“If the report had been intended to help address racism in Britain, it must surely be written off as a disaster.”
So writes David Olusoga, one of Britain’s highest profile black historians, on the report of the Commission on Race and Ethnic Disparities, published last week.
His view is shared by many.
As well as telling us that institutional racism does not exist, the report also says it’s pointless to see black and minority ethnic people as having anything in common.
No pattern shows systematic discrimination across ethnic groups, the authors insist.
But the experience of the pandemic points in exactly the opposite direction.
It’s no accident that black and South Asian men are 4.2 times and 3.6 times more likely to die from Covid-19 compared to their white counterparts.
The British Medical Journal points out that systemic racism, and in particular residential segregation, is driving ethnic differences in health, education, employment and poverty.
If no racism similarly affects black and South Asian people, how do we explain the similarities in their experience? And, when it comes to schools, the Commission is keen to revive an argument that “white working class” pupils are disadvantaged by policies designed to help ethnic minorities succeed.
As evidence the authors tell us that children from most ethnic minorities do as well or better than white pupils. Black Caribbean pupils are the only group to perform less well.
For Sewell and his collaborators, educational achievement is a zero-sum game where if some groups advance others must be left behind. Unfortunately, Labour MP Jess Phillips was happy to play the same card, tweeting, “So what exactly has the government done to improve things for white working class boys for the past 11 years?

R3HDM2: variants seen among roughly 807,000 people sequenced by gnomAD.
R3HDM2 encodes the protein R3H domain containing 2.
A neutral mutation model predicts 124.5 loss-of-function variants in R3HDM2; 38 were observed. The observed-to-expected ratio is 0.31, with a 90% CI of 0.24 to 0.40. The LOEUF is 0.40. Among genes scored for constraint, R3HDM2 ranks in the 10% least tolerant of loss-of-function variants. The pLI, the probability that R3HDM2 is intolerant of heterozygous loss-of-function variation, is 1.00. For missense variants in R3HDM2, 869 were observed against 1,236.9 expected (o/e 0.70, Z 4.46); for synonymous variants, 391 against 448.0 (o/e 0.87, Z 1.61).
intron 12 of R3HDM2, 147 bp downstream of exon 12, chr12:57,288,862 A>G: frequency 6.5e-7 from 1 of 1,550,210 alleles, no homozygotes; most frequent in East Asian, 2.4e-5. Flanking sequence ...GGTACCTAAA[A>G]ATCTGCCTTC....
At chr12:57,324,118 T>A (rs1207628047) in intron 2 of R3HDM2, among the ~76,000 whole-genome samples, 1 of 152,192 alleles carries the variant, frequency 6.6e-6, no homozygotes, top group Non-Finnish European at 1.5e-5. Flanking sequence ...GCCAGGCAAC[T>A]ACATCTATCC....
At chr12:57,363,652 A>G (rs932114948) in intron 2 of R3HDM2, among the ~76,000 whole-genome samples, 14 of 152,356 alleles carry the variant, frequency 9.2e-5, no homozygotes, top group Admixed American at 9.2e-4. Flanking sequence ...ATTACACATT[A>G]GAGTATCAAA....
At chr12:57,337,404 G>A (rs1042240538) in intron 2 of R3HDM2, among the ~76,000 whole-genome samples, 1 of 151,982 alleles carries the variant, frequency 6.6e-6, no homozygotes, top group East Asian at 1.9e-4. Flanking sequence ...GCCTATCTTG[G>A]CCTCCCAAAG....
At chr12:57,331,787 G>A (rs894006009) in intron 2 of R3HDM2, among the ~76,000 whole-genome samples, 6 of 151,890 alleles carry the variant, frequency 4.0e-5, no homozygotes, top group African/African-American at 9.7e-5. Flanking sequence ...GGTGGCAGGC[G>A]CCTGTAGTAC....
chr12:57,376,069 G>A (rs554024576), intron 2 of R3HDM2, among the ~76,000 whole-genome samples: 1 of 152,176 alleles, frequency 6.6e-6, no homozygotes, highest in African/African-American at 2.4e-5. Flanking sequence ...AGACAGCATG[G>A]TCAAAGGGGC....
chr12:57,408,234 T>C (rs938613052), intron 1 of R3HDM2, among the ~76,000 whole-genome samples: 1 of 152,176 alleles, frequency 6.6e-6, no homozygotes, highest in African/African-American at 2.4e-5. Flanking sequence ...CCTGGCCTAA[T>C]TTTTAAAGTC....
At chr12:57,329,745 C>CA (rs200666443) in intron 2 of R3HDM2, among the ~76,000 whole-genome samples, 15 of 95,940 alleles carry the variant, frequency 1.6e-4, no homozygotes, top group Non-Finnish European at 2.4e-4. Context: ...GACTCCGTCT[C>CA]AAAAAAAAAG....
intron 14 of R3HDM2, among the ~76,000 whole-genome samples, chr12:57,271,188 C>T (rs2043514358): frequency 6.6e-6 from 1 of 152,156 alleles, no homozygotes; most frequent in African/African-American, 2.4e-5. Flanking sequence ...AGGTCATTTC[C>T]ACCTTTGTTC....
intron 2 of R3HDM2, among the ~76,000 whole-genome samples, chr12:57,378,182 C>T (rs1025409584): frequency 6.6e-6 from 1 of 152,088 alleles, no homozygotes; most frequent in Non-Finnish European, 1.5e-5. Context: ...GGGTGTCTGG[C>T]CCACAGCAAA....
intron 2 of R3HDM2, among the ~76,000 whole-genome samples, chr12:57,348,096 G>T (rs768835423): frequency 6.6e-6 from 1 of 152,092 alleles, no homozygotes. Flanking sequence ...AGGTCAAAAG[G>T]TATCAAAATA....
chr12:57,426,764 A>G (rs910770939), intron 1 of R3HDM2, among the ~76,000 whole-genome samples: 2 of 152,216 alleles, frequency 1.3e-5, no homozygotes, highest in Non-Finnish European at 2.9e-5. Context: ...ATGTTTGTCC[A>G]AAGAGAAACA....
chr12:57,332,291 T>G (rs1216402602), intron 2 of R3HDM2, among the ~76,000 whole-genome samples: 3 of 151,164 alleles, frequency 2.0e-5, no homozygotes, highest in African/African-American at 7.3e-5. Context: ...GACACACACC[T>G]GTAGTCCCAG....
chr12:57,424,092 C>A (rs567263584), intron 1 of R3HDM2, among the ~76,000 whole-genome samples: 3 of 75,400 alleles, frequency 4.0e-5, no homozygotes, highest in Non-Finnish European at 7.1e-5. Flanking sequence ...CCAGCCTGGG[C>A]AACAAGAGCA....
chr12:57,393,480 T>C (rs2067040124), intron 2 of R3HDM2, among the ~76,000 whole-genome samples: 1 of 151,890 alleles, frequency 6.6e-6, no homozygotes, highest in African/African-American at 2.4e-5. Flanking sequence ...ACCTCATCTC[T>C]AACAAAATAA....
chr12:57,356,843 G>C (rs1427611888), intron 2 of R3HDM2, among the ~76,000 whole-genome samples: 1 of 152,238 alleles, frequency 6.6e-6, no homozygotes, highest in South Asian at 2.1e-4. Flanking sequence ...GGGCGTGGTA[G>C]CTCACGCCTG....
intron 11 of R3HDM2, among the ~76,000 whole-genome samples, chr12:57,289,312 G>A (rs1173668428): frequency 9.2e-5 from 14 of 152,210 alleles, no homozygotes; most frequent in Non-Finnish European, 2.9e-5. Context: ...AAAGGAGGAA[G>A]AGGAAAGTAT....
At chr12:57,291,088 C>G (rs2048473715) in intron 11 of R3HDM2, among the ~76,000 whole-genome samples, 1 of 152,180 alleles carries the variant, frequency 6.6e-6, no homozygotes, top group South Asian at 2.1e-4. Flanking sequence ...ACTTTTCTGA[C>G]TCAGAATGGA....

She followed this up by tweeting, “I’d love someone to do a study of how government policy has affected white working class families.”
Is a Labour frontbencher now endorsing the idea of a “white working class”, with its interests separate from workers with darker skin tones?
This is sailing into the territory of the far right.
The result of seeing white people as an ethnically disadvantaged group is that real discrimination is ignored.
Asked for her view on the idea that Britain is no longer racist, Halima Begum of the Runnymede Trust, said, “Tell that to the black young mother who is four times more likely to die in childbirth than her young white neighbour.
“Tell that to the 60 percent of NHS doctors and nurses who died from Covid and were black and ethnic minority workers.
“You can’t tell them that, because they are dead.”
A theme of the Commission’s report is that black and minority ethnic people are using the idea of institutional racism as an “excuse” for not taking responsibility.
The report should ask police why black young men in London are up to 19 times more likely to be stopped and searched than whites.
Instead it wants us to ask why so many black children are brought up by a single parent.
This attempt at victim-blaming seeks to let the system off the hook.
Structural racism is built into the key institutions of society.
It is then reflected elsewhere in society.
We should not blame ourselves for “not meeting our potential” but blame capitalism for promoting racism.
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